Changes to the Gene Pool<p>According to research published by Oxitec researchers in 2015, field trials involving recurring releases of Friendly™ mosquitoes demonstrated <a href="https://doi.org/10.1371/journal.pntd.0003864" target="_blank">a reduction of nearly 95 percent of target populations in Brazil</a>. In these field trials, experiments were not performed to assess whether GM mosquitoes might persist in the wild.</p><p>A recent study from the Powell lab at Yale University has since confirmed that <a href="https://www.nature.com/articles/s41598-019-49660-6" target="_blank">some of the offspring of the GM mosquitoes didn't succumb to the self-limiting lethal gene and survived to adulthood</a>. They were able to breed with native mosquitoes and thereby introduce some of their genes into the wild population.</p><p>The Yale researchers found that mosquitoes captured at six, 12 and up to 30 months post-release carried DNA from the GM mosquito population, thereby disproving "<a href="https://news.yale.edu/2019/09/10/transgenic-mosquitoes-pass-genes-native-species" target="_blank">the claim that genes from the release strain would not get into the general population because offspring would die</a>."</p><p>It appears that between five and 60 percent of the captured mosquitoes post-release contained genetic sequences inherited from the Friendly™ mosquitoes. Importantly, the number of mosquitoes identified as still containing DNA derived from GM mosquitoes declined between the 12-month and 27-month capture periods specifically, perhaps indicating that the offspring of GM mosquitoes might be less fit in nature after all. This remains to be shown conclusively.</p>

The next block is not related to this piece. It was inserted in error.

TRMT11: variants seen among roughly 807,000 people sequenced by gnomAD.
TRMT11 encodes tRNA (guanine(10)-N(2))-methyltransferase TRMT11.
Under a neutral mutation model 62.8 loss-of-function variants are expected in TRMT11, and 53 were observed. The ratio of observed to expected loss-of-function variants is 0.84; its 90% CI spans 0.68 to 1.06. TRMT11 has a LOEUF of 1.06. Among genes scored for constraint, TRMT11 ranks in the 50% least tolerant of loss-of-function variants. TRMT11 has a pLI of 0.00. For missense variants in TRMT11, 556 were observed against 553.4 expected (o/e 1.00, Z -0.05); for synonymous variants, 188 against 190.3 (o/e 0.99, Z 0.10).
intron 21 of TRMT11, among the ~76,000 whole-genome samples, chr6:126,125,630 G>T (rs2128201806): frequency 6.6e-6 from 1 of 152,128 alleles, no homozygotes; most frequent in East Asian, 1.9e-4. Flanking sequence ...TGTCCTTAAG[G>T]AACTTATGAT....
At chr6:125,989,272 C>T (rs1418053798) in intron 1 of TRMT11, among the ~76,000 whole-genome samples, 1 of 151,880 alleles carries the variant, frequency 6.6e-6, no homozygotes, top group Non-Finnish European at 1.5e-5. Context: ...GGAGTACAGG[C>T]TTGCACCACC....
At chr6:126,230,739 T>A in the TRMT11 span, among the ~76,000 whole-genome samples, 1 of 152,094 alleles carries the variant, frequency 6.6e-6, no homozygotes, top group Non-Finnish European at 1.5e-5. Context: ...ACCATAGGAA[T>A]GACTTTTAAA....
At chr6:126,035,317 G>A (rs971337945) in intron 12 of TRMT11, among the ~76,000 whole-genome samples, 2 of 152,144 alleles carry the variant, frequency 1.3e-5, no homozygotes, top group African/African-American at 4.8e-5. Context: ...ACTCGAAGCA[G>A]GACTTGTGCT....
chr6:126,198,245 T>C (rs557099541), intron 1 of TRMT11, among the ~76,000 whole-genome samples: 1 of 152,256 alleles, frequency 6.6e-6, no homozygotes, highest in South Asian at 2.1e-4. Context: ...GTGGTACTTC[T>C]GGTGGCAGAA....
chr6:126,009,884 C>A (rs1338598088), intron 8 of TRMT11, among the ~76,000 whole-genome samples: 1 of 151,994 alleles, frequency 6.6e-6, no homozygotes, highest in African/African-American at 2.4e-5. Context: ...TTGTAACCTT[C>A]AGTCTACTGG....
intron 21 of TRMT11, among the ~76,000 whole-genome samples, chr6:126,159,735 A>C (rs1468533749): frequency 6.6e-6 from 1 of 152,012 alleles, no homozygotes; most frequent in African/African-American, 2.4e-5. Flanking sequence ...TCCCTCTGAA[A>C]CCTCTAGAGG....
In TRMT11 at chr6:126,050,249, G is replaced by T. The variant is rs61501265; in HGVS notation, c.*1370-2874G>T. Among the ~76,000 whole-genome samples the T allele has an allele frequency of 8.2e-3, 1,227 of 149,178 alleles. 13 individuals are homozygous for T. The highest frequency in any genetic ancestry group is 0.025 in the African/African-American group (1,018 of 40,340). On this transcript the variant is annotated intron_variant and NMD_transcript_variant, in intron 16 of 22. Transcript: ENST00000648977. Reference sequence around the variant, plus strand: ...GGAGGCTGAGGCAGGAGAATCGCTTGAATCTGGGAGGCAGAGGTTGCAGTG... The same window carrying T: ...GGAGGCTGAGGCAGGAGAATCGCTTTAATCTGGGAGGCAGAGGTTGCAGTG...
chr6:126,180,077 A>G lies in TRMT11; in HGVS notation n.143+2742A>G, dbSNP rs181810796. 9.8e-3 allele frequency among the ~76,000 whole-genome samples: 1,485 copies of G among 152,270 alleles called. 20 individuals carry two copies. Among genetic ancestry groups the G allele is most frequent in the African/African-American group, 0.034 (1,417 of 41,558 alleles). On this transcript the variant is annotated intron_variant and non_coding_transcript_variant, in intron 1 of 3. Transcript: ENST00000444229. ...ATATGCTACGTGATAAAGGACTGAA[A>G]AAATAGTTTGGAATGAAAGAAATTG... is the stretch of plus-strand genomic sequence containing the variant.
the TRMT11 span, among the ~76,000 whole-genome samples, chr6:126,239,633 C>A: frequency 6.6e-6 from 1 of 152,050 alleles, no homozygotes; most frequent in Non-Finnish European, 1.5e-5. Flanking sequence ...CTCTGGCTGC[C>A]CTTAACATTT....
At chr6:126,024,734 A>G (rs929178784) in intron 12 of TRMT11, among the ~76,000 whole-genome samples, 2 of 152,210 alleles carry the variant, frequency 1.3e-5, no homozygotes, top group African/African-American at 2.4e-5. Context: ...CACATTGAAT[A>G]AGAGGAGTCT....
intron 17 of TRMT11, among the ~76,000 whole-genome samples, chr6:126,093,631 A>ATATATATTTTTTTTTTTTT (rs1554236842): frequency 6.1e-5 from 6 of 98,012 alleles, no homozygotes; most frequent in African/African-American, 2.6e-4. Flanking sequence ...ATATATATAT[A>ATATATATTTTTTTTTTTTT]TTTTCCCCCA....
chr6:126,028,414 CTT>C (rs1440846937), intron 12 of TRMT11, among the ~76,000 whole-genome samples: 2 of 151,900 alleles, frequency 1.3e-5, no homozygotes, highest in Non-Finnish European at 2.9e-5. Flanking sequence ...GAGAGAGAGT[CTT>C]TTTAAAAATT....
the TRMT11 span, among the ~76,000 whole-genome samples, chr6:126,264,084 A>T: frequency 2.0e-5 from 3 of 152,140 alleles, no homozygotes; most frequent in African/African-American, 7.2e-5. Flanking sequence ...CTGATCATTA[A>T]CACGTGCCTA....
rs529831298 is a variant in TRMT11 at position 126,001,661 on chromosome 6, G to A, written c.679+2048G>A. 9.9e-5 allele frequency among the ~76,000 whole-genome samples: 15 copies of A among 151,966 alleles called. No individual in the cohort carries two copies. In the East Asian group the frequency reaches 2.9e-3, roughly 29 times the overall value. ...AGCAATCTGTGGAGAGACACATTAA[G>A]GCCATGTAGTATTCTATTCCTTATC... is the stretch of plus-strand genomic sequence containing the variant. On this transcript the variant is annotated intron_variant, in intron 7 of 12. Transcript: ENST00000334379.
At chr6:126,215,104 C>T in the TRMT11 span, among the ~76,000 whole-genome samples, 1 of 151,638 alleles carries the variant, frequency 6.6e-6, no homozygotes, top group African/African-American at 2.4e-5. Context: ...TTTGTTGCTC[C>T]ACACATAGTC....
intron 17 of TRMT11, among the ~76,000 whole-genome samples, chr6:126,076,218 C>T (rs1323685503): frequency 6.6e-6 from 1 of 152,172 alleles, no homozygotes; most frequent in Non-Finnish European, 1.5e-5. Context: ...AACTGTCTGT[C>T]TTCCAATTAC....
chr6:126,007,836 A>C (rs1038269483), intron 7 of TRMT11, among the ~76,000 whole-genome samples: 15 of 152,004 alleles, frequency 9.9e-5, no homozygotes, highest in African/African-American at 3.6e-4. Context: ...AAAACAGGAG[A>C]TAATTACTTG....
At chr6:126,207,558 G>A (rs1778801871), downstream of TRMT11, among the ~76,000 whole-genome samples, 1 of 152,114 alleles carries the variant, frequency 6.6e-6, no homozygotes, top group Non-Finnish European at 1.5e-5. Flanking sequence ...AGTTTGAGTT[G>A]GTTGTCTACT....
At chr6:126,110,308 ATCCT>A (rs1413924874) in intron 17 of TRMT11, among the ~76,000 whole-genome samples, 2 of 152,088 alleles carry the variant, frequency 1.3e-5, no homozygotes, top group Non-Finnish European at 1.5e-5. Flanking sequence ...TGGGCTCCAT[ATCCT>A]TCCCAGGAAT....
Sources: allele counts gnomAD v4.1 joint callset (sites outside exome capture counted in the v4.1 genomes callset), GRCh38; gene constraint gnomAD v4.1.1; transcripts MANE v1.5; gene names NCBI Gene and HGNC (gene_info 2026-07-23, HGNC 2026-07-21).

Unknown Potential Impacts<p><span>Meanwhile, the impact of mosquitoes carrying these new genes remains largely unknown. One significant worry is that a new breed of mosquito might emerge that is more difficult to control. These new genes could also potentially alter evolutionary pressures on viruses carried by mosquitoes, like dengue fever, in unpredictable ways. This includes potentially increasing their virulence or changing their host-insect interactions. These are hypothetical risks that have been raised by scientists, and reflect the need for further study.</span><br></p><p>Thus, like GM soybean or corn, there is legitimate concern about the propagation of <a href="http://dx.doi.org/10.5402/2011/369573" target="_blank">new genetic material</a> in wild populations with as yet unknown consequences.</p><p>Field trials involving the release of GM organisms are typically designed to evaluate safety and efficacy, to assess possible impact on food networks, and to ensure that there is no (or minimal) undue harm to the environment or human health. Put simply, field trials are meant to assess potential harms associated with genetic technologies and to provide opportunities to minimize these harms before moving forward with more large-scale releases.</p><p>This raises two important questions: Given that <a href="https://time.com/the-war-against-mosquito/" target="_blank">"around 5 percent or less"</a> of the GM mosquito population was expected to survive, shouldn't Oxitec have made plans to assess the risk of gene transfer to wild populations during their initial trials? And shouldn't the Brazilian government have required such an assessment as part of the regulatory approval process, <a href="https://bch.cbd.int/database/record.shtml?documentid=105833" target="_blank">given their awareness of the risk</a>?</p><p>Instead, with approval from Brazilian authorities, <a href="https://doi.org/10.1111/eea.12618" target="_blank">Oxitec released nearly half a million GM mosquitoes every week into shared environments in Jacobina over a two-year period from 2013 to 2015</a>. This was done without the benefit of adequate risk assessment and without proper public consultation.</p><p>Oxitec reports having used leaflets, social media, carnival parades and community meetings to inform the public of their research. <a href="https://doi.org/10.1080/23299460.2017.1326257" target="_blank">Public education is not the same as public consultation and engagement</a> and, in our view, the people living in the vicinity of this release had more than a right to be informed of the plans. They also had a <a href="https://science.sciencemag.org/content/362/6414/527.summary" target="_blank">right to participate</a> in relevant decision-making.</p><p>On the basis of presumed success in Brazil where mosquito populations were reduced — a consequential <a href="https://www.who.int/bulletin/volumes/94/8/16-020816.pdf" target="_blank">reduction in the prevalence of dengue fever</a> has yet to be demonstrated — plans have been made to extend field trials to other jurisdictions, including <a href="https://www.oxitec.com/florida" target="_blank">the Florida Keys in the U.S</a>.</p><p>To date, public pushback <a href="https://doi.org/10.1038/nbt.3927" target="_blank">has temporarily prevented</a> the release of GM mosquitoes in the Florida Keys. But Oxitec hopes to eventually secure approval from the U.S. Environmental Protection Agency to perform field trials and assess release of a <a href="https://keysweekly.com/42/oxitec-reveals-new-technology-up-for-epa-consideration/" target="_blank">second-generation GM mosquito</a> that causes lethality only in female mosquitoes, as another means to collapse wild populations.</p>